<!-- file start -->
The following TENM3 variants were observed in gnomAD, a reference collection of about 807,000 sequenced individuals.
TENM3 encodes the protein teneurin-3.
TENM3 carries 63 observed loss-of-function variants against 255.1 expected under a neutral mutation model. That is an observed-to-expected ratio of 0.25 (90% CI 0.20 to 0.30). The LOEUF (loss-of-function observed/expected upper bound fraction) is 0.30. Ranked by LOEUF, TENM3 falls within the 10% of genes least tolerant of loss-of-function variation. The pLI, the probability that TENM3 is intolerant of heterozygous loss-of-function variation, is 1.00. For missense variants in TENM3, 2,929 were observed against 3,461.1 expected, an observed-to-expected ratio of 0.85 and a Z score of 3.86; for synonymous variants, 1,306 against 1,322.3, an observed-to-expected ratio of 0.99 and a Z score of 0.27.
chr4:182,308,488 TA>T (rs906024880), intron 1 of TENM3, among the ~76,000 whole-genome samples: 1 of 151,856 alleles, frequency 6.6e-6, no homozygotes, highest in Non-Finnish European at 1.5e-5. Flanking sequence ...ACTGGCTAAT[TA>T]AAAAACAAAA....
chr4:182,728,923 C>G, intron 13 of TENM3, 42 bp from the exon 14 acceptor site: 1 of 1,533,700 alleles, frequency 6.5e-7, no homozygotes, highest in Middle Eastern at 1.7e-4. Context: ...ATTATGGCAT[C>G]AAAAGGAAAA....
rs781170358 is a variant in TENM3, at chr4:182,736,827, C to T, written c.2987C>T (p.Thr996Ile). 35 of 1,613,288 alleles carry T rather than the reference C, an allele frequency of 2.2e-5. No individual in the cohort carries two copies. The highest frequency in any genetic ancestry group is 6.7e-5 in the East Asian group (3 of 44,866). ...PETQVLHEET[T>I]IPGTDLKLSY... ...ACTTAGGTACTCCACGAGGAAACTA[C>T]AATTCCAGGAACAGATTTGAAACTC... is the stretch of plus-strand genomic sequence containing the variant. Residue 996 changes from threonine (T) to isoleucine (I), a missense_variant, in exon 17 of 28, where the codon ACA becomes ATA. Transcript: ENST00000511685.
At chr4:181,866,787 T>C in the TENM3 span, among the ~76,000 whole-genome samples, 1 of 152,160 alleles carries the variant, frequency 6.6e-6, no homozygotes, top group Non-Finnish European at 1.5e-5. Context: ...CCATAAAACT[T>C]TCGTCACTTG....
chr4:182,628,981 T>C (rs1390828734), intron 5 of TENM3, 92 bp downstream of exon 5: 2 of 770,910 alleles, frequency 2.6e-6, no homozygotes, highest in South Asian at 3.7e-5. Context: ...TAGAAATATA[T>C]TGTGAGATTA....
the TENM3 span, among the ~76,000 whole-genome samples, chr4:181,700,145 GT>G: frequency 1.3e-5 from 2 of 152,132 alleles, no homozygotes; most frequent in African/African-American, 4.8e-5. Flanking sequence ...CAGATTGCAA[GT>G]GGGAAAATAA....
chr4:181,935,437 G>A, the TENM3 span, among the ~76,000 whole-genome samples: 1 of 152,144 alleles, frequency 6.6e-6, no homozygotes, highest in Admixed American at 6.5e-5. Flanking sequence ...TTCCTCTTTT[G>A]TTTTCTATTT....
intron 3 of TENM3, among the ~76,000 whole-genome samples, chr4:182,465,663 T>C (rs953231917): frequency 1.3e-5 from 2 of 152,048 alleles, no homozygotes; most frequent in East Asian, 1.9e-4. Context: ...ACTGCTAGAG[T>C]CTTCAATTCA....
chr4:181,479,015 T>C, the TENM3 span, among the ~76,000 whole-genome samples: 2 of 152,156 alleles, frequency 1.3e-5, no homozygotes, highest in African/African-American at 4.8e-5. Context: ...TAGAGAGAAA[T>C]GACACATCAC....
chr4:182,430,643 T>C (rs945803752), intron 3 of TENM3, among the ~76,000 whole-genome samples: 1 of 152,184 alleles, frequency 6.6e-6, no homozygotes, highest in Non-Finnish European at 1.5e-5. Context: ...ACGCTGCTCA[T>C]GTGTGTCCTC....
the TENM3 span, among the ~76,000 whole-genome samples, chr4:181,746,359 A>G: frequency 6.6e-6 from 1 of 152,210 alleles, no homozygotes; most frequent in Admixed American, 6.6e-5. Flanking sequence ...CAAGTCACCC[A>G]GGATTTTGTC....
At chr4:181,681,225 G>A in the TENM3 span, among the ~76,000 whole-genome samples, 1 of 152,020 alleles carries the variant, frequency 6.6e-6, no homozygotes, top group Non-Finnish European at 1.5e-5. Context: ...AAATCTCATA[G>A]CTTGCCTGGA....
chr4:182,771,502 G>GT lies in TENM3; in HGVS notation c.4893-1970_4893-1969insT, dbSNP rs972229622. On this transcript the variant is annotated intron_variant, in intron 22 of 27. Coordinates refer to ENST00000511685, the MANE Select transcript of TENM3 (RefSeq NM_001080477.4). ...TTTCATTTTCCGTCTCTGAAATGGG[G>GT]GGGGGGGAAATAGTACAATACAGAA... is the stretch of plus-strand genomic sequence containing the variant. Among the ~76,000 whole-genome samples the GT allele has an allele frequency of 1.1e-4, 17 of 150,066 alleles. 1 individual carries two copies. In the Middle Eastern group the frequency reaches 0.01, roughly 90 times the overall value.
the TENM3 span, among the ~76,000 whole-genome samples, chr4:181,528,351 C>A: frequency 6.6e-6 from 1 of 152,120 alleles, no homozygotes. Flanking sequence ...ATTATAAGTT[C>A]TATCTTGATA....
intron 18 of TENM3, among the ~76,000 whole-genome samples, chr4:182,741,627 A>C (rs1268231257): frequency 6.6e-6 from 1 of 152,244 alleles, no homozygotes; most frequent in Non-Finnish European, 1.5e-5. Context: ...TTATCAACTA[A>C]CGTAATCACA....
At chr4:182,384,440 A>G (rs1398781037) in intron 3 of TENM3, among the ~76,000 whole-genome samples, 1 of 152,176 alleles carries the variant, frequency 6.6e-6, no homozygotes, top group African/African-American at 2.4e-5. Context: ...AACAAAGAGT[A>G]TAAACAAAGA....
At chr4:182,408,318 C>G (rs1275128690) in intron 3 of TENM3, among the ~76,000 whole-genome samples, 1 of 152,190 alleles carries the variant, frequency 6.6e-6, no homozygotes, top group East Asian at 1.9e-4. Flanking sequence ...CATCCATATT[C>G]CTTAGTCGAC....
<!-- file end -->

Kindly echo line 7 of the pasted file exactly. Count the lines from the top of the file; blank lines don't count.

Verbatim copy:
At chr4:181,866,787 T>C in the TENM3 span, among the ~76,000 whole-genome samples, 1 of 152,160 alleles carries the variant, frequency 6.6e-6, no homozygotes, top group Non-Finnish European at 1.5e-5. Context: ...CCATAAAACT[T>C]TCGTCACTTG....